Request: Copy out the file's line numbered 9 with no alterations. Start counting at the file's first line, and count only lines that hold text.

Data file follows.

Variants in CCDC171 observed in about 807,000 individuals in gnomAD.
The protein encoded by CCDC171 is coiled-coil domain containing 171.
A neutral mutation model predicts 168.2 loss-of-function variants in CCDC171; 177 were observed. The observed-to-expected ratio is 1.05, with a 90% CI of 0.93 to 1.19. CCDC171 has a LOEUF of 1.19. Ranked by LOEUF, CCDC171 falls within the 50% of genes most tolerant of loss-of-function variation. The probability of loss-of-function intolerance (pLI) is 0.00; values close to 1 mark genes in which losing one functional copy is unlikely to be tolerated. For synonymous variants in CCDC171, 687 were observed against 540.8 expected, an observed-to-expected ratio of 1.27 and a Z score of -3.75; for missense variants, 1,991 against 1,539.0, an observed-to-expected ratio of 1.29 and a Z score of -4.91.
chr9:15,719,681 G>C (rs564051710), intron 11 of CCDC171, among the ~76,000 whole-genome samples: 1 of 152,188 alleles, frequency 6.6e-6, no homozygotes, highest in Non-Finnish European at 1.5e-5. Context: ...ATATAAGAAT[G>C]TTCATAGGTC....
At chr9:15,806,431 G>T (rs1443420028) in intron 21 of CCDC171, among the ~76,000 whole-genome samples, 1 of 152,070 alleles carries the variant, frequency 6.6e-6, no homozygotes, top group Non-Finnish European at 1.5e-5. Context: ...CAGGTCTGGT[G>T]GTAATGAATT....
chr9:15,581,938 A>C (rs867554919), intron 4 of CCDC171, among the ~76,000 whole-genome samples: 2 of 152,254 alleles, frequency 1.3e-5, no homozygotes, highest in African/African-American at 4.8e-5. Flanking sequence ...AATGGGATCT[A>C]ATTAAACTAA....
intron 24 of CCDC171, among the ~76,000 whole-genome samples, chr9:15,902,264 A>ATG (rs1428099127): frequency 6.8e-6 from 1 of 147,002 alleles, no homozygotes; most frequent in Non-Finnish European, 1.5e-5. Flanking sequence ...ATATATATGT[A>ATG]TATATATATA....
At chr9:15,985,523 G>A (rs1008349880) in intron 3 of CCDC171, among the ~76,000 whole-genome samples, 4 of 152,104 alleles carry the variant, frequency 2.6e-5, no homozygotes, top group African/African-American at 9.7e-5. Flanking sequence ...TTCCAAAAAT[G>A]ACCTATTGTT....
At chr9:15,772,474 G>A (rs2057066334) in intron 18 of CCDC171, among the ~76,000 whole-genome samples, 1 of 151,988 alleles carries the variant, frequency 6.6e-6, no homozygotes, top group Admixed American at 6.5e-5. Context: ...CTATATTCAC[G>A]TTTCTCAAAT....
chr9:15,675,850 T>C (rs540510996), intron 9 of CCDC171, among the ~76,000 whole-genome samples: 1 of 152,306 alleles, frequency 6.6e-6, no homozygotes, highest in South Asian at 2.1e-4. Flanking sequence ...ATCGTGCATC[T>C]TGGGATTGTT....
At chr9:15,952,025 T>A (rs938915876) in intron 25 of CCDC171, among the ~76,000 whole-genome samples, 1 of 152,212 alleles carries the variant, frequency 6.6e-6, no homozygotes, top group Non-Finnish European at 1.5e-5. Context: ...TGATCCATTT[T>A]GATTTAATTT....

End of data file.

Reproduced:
At chr9:15,772,474 G>A (rs2057066334) in intron 18 of CCDC171, among the ~76,000 whole-genome samples, 1 of 151,988 alleles carries the variant, frequency 6.6e-6, no homozygotes, top group Admixed American at 6.5e-5. Context: ...CTATATTCAC[G>A]TTTCTCAAAT....